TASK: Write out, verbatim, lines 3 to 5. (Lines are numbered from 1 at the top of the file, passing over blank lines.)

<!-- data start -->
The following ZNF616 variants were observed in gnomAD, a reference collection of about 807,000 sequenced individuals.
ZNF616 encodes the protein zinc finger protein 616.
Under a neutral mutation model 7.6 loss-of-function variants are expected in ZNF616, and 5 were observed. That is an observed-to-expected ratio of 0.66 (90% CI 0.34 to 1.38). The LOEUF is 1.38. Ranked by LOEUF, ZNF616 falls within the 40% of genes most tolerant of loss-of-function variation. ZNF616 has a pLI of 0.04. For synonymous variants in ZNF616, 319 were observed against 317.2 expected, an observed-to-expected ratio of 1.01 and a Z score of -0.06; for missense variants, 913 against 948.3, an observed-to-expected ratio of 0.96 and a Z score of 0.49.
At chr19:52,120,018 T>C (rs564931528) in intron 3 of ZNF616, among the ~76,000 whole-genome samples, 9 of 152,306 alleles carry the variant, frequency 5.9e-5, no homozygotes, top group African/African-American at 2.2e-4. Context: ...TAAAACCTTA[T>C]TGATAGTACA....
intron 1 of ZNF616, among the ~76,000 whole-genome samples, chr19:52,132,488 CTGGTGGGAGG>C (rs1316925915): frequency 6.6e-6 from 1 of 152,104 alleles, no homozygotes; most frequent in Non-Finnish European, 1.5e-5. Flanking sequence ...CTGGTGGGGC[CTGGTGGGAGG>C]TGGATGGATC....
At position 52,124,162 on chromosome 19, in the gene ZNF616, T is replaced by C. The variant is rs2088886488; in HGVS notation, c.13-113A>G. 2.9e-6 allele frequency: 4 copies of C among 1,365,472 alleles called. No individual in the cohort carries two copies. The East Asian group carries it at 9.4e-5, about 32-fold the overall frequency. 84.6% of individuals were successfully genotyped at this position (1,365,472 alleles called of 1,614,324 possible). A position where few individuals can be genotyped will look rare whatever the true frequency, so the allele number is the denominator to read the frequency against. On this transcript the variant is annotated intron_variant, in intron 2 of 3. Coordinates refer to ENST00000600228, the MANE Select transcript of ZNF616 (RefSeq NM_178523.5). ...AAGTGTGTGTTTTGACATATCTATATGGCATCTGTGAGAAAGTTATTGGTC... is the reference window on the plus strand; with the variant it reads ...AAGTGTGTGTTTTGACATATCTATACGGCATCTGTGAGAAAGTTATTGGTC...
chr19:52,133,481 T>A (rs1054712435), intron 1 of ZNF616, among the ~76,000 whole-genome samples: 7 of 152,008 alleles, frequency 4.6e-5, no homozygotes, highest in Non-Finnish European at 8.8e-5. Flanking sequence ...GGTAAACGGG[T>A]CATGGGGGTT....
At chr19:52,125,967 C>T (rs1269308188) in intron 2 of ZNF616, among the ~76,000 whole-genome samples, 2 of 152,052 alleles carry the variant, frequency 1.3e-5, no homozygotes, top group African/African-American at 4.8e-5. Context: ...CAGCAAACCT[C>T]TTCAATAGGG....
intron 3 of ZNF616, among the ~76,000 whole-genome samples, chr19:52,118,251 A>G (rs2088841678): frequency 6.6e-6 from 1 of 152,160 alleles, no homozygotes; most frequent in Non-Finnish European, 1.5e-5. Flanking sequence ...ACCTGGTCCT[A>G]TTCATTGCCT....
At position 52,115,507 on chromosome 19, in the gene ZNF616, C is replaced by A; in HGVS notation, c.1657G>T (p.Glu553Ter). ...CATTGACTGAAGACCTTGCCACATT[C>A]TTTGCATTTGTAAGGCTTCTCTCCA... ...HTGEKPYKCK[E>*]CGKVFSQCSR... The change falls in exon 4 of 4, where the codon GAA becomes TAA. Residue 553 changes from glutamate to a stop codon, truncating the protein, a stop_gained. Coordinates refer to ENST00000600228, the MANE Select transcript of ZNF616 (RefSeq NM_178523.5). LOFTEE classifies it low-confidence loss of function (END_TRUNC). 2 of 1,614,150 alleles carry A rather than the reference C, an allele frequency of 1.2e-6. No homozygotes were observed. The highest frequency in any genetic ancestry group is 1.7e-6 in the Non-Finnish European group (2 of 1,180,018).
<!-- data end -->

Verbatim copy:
Under a neutral mutation model 7.6 loss-of-function variants are expected in ZNF616, and 5 were observed. That is an observed-to-expected ratio of 0.66 (90% CI 0.34 to 1.38). The LOEUF is 1.38. Ranked by LOEUF, ZNF616 falls within the 40% of genes most tolerant of loss-of-function variation. ZNF616 has a pLI of 0.04. For synonymous variants in ZNF616, 319 were observed against 317.2 expected, an observed-to-expected ratio of 1.01 and a Z score of -0.06; for missense variants, 913 against 948.3, an observed-to-expected ratio of 0.96 and a Z score of 0.49.
At chr19:52,120,018 T>C (rs564931528) in intron 3 of ZNF616, among the ~76,000 whole-genome samples, 9 of 152,306 alleles carry the variant, frequency 5.9e-5, no homozygotes, top group African/African-American at 2.2e-4. Context: ...TAAAACCTTA[T>C]TGATAGTACA....
intron 1 of ZNF616, among the ~76,000 whole-genome samples, chr19:52,132,488 CTGGTGGGAGG>C (rs1316925915): frequency 6.6e-6 from 1 of 152,104 alleles, no homozygotes; most frequent in Non-Finnish European, 1.5e-5. Flanking sequence ...CTGGTGGGGC[CTGGTGGGAGG>C]TGGATGGATC....